Sergei Rachmaninoff is remembered for the Paganini rhapsody, the two middle concertos, a prelude in C-sharp minor, and sometimes, a vocalise. The portrait painted by this “Best Of” compilation is of a man who procured steadfast melodies and unrelenting sentimentality till the day he died. Beyond these works too, you won’t find much that deviates from this pattern. Relatively speaking, he didn’t have eras or periods of stylistic evolution like, say, Stravinsky. He didn’t seem to be interested in intellectual or artistic “progress”. All that mattered to him was one thing:
I always feel that my own music and my reactions to all music, remained spiritually the same, unendingly obedient in trying to create beauty.
If you’re a historian or music critic, this proclamation is unexciting. All it does is confirm his place in history as an engineer of soulful tunes, living a few decades beyond Romanticism’s expiration date. And this is a fact that explains his eventual resting place in our culture: today, his music is concert hall headline stock provisioned to fill seats for brave new works and enigmatic older ones. It otherwise rarely surfaces in the classroom or academic forum. It is music for feeling, not for thinking.
The third concerto is kind of an exception though. It’s insanely difficult (I just take everyone’s word for it), which is a nice value-add in the eyes of those who might dismiss Rachmaninoff for the above reasons. It’s also quite long for a concerto, with a lot of unrepeated material and several ossias. In fact, the third concerto represents a lot of what Rachmaninoff contributed to Russian music, not just because of its status as a masterpiece (whatever that means), but because it fills some gaps in the Russian offering.
Not that Tchaikovsky and The Five left too much to be desired, of course. There’s just a whole lot more to Rachmaninoff’s music than its emotional content. Take for instance the sheer scale of his works. There is the third concerto, the four symphonies (three, plus the choral), the Symphonic Dances, and the sonatas (two piano and one cello). These are grand works with protracted underlying structures, and the symphonic pieces among them require large orchestral forces. It’s my own opinion, but writing on this scale deserves recognition alongside his peers Mahler and Sibelius.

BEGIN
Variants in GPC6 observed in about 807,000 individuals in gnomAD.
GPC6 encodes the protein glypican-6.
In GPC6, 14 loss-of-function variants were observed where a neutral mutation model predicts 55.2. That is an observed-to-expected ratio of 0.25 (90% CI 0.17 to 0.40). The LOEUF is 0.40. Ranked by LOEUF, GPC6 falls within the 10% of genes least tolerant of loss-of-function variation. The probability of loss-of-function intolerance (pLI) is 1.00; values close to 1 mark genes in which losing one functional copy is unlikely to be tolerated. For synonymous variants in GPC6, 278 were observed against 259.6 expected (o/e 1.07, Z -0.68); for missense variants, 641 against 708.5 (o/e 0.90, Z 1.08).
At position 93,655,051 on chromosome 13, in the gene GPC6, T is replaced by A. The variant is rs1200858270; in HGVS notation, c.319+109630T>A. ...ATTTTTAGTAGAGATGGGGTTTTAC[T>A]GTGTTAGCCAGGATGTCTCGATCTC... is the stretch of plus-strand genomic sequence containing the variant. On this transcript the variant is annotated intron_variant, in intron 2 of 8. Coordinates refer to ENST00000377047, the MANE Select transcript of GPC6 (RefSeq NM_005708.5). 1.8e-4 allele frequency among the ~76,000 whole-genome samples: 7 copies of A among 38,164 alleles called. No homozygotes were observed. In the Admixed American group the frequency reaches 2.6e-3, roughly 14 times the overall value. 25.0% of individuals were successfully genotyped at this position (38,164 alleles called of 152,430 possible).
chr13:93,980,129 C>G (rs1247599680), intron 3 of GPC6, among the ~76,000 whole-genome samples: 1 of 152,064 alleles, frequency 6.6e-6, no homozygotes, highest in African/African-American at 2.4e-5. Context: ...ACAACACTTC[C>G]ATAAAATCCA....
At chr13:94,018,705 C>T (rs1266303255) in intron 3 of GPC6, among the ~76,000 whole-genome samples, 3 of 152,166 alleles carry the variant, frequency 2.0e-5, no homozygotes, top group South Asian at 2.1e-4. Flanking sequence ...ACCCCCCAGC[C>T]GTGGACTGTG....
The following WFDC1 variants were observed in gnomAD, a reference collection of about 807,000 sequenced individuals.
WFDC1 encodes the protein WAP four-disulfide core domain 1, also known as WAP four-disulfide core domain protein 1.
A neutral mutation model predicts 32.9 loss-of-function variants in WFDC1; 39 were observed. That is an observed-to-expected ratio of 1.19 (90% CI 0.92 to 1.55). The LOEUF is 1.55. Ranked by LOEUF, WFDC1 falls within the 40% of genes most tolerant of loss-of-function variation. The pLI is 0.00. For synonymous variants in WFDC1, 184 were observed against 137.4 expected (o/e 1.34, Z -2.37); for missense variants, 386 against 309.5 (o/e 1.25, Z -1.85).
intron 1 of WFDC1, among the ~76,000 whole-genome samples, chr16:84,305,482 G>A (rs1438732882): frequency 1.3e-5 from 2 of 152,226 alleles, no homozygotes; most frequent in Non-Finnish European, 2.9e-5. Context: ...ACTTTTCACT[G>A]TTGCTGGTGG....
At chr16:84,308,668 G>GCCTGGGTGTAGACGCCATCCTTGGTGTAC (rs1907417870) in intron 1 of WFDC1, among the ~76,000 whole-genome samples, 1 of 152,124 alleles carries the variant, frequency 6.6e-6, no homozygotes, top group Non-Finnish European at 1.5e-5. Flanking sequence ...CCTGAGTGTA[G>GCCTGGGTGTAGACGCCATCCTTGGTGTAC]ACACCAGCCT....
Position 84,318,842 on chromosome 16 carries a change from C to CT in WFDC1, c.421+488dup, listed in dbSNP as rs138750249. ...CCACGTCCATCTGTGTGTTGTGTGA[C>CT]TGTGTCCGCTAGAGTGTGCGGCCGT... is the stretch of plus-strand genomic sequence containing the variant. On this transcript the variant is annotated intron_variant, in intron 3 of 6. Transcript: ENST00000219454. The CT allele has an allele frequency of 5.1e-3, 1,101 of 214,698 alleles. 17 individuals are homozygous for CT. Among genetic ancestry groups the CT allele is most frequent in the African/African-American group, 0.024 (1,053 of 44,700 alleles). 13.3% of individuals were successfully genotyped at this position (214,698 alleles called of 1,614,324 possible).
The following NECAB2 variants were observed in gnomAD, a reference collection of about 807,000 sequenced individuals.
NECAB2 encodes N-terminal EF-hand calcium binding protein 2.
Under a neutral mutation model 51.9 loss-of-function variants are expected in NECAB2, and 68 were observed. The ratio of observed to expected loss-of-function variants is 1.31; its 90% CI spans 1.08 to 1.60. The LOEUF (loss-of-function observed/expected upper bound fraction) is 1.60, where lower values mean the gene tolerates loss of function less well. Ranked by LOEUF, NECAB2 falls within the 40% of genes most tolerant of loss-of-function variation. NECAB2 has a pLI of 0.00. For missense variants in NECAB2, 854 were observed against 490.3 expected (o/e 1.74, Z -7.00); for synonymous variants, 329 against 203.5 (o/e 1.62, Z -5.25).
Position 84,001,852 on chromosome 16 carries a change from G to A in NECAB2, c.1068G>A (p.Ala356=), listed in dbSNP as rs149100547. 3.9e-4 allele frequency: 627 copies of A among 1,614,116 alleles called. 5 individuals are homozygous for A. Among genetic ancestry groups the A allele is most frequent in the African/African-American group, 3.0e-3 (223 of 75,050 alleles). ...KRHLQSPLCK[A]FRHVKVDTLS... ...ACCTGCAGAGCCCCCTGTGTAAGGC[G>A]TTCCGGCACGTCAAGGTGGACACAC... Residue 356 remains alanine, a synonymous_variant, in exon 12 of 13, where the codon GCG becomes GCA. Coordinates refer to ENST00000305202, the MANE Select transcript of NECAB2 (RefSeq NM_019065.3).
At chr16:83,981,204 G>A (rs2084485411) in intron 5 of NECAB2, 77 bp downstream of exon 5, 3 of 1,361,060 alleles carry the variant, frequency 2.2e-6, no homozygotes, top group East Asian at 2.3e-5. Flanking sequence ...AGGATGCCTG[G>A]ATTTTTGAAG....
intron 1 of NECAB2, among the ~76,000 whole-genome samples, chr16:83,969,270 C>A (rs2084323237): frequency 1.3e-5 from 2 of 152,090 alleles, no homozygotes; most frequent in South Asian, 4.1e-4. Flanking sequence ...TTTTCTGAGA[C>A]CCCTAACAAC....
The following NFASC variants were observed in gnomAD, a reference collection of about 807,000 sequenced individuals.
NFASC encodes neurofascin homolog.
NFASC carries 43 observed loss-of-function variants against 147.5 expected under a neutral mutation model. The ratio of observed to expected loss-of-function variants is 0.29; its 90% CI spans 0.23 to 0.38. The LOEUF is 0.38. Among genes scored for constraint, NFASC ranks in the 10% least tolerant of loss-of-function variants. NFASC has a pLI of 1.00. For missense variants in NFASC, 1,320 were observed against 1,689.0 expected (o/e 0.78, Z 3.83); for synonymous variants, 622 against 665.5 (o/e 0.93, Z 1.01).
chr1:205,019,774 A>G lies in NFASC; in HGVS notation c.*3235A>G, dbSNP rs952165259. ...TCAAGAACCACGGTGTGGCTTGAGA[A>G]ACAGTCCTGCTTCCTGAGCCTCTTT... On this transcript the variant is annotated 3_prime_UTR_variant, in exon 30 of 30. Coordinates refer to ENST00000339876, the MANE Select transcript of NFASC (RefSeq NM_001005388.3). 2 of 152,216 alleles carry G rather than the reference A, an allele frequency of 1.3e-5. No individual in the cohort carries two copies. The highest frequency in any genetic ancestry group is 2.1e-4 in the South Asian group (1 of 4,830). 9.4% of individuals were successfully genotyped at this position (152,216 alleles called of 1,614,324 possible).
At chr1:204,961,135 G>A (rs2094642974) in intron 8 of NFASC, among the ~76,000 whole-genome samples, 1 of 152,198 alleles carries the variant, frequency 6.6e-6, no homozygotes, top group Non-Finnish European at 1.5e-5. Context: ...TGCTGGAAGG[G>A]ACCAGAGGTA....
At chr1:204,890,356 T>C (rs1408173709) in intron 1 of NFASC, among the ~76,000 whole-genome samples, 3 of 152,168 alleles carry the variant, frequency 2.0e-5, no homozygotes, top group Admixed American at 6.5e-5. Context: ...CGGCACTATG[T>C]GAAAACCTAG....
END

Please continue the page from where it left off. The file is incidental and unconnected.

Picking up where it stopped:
There’s something to be said too of Rachmaninoff’s contributions to the piano repertoire. None of The Five are remembered for producing significant works for the piano, and probably rightfully so, since they were overshadowed by the output of Chopin and the Germans. Tchaikovsky put the Russians on the map with the first piano concerto, but the phrase “Russian piano music” probably wouldn’t mean much today if not for the arrival of Rachmaninoff and Scriabin on the scene. Four piano concertos, plus etudes, suites, and preludes, all of them actively performed today.
There’s a lot more to the man that could be mentioned in this context — his craft in melody and thematic variation, personal themes, the oft forgotten fact that he was a true and wholly successful conductor-composer-pianist — but I’ll stop here before I get ahead of myself. It’s just that, well, there’s more to him than gushing tunes, and I think sometimes people forget that.